And mostly white gay activists are not pleased. A bitterly ironic battle has erupted in California in the days since Sen. Barack Obama was elected USA's first black president. Proposition 8, banning gay marriage, passed by more than three percentage points in the Democratic state. Much of that margin came from 500,000 new black voters turning out to cast their ballots for Sen. Obama. Black voters supported the ban by 70%-30%, while whites were slightly opposed and Hispanics evenly split.
Dan Savage, a gay sex advice columnist who is white, said blacks have a problem with homophobia that needs to be confronted. "I'm done pretending that the handful of racist gay white men out there - and they're out there, and I think they're scum - are a bigger problem for African-Americans, gay and straight, than the huge numbers of homophobic African-Americans are for gay Americans, whatever their colour."
In the midst of such heated talk and hurt feelings, a rally late last week against Proposition 8 in Los Angeles turned ugly. "It was like being at a Klan rally except the Klansmen were wearing Abercrombie polos and Birkenstocks," said one attendee, a gay black man. The UCLA student said he was twice called the n-word.
Others argue it's not race that is to blame for Proposition 8, but the Religious Right. It was the Mormon church that pushed to get the measure on the ballot. Mormon church leaders badgered other Mormons countrywide to donate heavily to the campaign and recruited thousands of volunteers for door-to-door canvassing throughout the state. Several liberal black church leaders urged Californians to vote against Proposition 8 in the weeks leading up the election, although they acknowledged that blacks were "conservative" on gay marriage and so were many of their pastors. Since black Americans go to church in greater numbers than other races, they're confronted far more often with the suggestion that homosexuality is sinful.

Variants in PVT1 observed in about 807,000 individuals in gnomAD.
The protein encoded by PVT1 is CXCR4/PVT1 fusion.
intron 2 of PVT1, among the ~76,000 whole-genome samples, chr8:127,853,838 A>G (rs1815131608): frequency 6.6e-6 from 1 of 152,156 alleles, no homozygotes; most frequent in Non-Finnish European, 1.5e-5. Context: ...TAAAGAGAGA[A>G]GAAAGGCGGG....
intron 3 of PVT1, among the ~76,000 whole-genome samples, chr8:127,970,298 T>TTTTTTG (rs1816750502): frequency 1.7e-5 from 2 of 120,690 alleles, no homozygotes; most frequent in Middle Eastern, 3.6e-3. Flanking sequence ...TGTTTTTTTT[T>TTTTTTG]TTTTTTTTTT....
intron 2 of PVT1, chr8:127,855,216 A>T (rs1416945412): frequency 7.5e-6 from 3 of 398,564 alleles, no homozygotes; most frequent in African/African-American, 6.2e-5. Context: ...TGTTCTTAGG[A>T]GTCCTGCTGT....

"The success of Proposition 8 is certainly about religion more than anything else but there's no denying those attitudes are ingrained in the black community - homosexuality just isn't accepted the way it is in other communities," says Toni-Michelle Travis, a political science professor who specializes in race at George Mason University.Many African-Americans also fail to see the hardships facing gays and lesbians as being on the same scale as their epic battles for equality, Professor Travis said. "African-Americans don't see the fights for the rights of gays the same as their struggle," she said. "Their attitude is: 'They wouldn't let me vote, they wouldn't give me a job, and you can do those sorts of things."'
My response: Clearly the increased black vote led to the Proposition 8's passage. California's gay activists should strategize how to persuade enough black voters to support gay marriage. Ceasing the ridiculous comparison of (usually depicted as white) gays to the Civil Rights Movement would be a great start, which turns off a lot of black folks. Argue gay rights on its own merits, and there are merits.